The reason she says the vine is in flower rather than with fruit is that, even though the virtues in this life are enjoyed with all this perfection we have been discussing, she merely enjoys them as though in flower. Only in the next life will they be enjoyed as the fruit. And she adds:

while we fashion a cone of roses
intricate as the pine's;

8. While the soul at this stage is enjoying the flower of this vineyard and delighting on the bosom of her Beloved, it will happen that all her virtues are suddenly and clearly revealed in their perfection and give her immense sweetness and delight. The soul feels that these virtues are both in her and in God so they seem to form a very pleasant and flowering vineyard belonging to the Bridegroom as well as to herself in which they both feed and delight. She then gathers all these virtues and makes very delightful acts of love in each of them and in all together. She offers this bouquet to the Beloved with remarkable tenderness and sweetness of love. The Beloved himself helps her, for without his favor and help she would not be able to gather these virtues and offer them to him. Hence she says: "While we fashion a cone of roses."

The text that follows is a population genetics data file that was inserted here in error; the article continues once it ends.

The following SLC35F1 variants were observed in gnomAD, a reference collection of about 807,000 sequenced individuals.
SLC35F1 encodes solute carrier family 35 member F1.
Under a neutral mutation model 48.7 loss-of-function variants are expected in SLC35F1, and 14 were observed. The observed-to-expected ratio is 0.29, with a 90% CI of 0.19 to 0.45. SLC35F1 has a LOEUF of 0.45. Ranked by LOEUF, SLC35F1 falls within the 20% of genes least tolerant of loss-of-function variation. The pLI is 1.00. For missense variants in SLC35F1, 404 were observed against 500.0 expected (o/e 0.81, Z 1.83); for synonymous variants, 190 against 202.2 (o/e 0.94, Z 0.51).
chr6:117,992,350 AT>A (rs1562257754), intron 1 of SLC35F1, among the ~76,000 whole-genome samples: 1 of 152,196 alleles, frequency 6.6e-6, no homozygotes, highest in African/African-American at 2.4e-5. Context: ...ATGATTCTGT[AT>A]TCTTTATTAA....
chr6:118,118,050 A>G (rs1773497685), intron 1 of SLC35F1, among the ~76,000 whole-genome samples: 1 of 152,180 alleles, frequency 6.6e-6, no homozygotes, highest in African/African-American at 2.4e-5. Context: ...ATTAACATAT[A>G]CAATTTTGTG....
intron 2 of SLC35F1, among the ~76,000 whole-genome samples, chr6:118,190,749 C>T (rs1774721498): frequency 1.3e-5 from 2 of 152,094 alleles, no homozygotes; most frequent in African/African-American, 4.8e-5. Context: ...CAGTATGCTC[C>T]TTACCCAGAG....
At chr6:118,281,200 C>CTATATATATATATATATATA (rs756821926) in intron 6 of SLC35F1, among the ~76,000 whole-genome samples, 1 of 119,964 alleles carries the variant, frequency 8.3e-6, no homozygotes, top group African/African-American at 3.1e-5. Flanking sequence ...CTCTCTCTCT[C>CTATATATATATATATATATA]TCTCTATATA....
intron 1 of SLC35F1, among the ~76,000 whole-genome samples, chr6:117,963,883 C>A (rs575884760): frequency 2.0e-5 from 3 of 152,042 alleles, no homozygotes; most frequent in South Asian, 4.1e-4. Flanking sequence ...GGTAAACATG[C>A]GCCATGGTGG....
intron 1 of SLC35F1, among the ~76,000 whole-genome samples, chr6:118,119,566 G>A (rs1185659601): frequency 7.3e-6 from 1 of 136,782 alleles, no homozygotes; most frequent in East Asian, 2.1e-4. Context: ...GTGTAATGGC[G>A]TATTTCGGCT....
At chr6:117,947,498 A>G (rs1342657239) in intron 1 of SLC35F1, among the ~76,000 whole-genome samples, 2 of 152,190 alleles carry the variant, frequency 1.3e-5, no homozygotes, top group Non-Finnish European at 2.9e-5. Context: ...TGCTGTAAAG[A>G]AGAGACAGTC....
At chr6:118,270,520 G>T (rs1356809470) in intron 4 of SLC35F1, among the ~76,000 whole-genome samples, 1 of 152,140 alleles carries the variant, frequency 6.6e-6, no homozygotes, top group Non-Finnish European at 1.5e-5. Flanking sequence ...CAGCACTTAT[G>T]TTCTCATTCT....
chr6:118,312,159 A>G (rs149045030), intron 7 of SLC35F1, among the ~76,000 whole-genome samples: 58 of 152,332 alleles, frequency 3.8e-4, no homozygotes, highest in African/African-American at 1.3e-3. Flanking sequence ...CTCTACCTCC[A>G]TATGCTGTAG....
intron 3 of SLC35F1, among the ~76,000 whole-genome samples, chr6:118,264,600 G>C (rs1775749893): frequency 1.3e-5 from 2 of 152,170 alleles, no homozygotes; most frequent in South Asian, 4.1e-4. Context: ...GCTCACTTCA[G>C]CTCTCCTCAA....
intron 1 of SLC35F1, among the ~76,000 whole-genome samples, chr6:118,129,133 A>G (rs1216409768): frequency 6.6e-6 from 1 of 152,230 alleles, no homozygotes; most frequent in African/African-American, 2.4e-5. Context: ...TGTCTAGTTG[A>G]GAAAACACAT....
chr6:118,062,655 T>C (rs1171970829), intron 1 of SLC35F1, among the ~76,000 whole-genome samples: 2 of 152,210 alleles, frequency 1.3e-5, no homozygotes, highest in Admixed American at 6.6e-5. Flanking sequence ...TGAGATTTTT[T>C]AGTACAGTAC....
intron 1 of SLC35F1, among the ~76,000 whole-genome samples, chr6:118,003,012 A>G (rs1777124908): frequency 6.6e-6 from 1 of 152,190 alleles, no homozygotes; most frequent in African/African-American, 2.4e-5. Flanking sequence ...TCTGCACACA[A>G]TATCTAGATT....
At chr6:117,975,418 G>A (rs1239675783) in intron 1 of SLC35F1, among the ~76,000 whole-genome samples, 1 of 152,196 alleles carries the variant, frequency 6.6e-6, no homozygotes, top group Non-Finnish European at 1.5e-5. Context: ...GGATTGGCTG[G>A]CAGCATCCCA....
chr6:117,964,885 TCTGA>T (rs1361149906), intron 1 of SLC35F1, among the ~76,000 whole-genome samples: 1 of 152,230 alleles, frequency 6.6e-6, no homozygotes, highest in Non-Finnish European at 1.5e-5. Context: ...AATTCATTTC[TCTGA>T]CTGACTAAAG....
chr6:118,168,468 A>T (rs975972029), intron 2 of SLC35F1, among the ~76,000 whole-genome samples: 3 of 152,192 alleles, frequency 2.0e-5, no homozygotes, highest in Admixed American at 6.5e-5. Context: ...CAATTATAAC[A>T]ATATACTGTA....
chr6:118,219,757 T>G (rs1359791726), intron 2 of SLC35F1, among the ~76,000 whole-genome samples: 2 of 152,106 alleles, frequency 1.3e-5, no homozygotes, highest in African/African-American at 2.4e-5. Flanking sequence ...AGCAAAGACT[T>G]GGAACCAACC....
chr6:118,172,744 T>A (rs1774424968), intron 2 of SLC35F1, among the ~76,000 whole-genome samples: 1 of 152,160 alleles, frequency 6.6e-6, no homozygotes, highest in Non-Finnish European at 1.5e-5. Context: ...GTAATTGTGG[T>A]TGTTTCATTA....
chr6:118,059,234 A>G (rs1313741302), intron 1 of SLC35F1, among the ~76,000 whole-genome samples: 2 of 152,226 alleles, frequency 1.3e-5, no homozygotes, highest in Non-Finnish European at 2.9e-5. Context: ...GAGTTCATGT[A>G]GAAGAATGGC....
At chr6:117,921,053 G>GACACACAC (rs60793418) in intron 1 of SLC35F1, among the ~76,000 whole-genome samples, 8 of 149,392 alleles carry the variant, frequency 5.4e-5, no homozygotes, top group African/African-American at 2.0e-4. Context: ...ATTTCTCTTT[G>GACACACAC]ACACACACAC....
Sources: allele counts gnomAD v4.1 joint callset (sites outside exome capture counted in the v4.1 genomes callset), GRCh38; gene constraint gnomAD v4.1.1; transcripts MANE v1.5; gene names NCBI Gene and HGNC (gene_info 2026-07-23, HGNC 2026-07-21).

9. She fashions this bouquet in the shape of a pine cone, for as a pine cone is something sturdy with many pieces, or pine kernels, firmly fastened together, so this cone or bouquet of virtues that the soul arranges for her Beloved forms one perfect whole embodying in itself many perfect and strong virtues and very rich gifts. All perfections and virtues are incorporated in orderly fashion in the one solid perfection of the soul. This perfection, while being formed through the practice of the virtues - as well as when already formed - is offered by the soul to the Beloved in that spirit of love we are discussing. These foxes should, then, be caught so they do not hinder the interior communion of the two.

The bride asks not only for the ability to make a good bouquet but also for what follows in the next verse: